4. Results

a. Composite primary and successive MJO initiation

The evolution of the composited OMI index is shown for reference in Fig. 1. In primary events, the amplitude of the OMI index reaches a value of 0.8 at lag day 0, and no MJO activity is seen prior to this day. In contrast, during successive initiation events the amplitude of the OMI index exceeds a value of unity for ~18 days prior to lag day 0. Both primary and successive initiation increase in amplitude after lag day 0, both reaching a maximum amplitude near lag day 8. Slow decay is observed thereafter, with the primary initiation event terminating near MJO phase 7 and the successive event decaying near phase 6. The overall evolution of the two types of initiation events closely follows that described by Matthews (2008). Of course, individual MJO cases within each composite may behave much differently than the mean (not shown).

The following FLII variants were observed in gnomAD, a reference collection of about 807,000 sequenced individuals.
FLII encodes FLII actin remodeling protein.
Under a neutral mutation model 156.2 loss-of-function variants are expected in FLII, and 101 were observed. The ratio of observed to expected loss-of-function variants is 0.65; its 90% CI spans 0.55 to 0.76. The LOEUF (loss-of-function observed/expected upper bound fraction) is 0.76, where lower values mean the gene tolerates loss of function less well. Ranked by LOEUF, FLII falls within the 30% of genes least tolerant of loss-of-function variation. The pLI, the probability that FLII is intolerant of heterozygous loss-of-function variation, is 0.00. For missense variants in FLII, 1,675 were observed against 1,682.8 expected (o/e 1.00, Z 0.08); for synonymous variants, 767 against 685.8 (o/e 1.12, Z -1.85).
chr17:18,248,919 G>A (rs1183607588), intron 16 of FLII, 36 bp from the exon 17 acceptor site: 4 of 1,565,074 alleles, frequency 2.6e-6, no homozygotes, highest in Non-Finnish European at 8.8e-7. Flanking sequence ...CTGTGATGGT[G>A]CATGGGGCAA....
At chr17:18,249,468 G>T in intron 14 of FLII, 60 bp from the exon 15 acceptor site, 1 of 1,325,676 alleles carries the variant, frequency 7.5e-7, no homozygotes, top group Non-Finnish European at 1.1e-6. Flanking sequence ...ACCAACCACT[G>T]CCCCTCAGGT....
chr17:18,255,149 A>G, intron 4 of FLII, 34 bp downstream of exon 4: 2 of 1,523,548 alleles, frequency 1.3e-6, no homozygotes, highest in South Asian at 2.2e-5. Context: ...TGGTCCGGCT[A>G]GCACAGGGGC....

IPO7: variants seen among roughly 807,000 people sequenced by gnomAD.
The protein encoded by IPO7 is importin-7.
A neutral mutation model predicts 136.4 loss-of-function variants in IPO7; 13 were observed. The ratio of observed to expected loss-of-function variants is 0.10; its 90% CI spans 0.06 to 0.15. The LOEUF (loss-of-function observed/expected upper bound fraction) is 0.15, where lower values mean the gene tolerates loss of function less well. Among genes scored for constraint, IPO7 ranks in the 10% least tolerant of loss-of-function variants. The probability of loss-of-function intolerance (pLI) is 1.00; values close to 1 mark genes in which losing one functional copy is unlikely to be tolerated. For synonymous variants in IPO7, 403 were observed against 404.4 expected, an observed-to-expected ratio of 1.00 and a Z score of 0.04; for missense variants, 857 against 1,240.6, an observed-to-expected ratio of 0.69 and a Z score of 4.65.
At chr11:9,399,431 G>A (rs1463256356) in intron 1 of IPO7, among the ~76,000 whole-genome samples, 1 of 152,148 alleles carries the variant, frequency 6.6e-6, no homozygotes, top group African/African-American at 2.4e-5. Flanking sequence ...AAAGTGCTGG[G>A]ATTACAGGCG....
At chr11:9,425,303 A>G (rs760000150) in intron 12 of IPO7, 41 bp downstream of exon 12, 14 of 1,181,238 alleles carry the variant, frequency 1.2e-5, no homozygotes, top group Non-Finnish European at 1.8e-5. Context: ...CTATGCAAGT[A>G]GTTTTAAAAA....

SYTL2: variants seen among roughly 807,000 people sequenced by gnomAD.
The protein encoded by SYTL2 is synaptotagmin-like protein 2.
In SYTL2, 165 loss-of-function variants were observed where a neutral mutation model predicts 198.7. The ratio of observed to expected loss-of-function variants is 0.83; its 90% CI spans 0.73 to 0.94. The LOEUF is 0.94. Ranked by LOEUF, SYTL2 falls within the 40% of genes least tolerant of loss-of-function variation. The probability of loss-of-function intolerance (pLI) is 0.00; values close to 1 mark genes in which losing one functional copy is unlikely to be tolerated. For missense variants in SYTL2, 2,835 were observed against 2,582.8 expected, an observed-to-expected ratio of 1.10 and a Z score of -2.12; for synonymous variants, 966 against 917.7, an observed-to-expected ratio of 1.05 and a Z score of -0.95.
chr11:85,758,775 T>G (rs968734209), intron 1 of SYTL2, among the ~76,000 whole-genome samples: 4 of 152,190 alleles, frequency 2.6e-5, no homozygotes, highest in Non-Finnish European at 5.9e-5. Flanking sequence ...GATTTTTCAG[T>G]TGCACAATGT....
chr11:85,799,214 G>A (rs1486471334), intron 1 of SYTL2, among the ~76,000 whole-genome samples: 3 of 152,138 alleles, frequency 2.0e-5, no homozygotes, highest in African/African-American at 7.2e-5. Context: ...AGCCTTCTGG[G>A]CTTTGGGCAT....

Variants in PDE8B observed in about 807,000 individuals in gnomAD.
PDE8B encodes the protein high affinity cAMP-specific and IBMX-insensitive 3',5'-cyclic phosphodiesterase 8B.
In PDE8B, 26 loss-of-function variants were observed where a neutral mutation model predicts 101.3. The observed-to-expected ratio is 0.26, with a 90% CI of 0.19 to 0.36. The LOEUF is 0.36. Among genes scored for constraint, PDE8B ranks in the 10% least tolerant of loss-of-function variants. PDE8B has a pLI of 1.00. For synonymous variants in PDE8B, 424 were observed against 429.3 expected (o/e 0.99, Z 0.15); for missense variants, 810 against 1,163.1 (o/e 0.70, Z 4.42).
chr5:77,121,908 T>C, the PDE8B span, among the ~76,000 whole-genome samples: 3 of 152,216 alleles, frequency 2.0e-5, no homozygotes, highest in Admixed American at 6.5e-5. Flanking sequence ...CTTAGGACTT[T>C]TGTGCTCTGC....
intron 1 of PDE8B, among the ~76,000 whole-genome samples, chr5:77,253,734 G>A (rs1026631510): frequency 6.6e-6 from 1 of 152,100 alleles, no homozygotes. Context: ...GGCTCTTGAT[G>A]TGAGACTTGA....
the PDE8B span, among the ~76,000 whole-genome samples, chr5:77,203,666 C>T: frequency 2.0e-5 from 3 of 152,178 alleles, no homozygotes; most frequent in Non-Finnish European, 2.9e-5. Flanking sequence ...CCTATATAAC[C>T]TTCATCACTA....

Time–longitude (Hovmöller) diagrams of the primary and successive MJO initiation events are shown in Figs. 2a and 2b, respectively. During primary events, a weak positive OLR anomaly is seen collocated with a positive 150-hPa χ anomaly over the Indian Ocean at lag day −12. The OLR signal does not show any clear eastward propagation and decays by lag day −5 while the χ anomalies exhibit slow eastward propagation. Another positive OLR anomaly is seen near lag day 0 over the western Pacific (150°E–180°), in association with the eastward propagation of the 150-hPa χ anomalies. Near this time, a negative 150-hPa χ anomaly is observed propagating into the Indian Ocean from Africa, with negative OLR anomalies appearing at the time the χ anomalies reach the Indian Ocean. There is no statistically significant evidence that these χ anomalies come from a previous MJO event. Instead, the statistically significant signal initiates over South America near 300° (120°W). Sakaeda and Roundy (2016) showed that the upper-tropospheric Kelvin wave circulation associated with primary MJO initiation tends to develop in this region.

Fig. 2.
Fig. 2.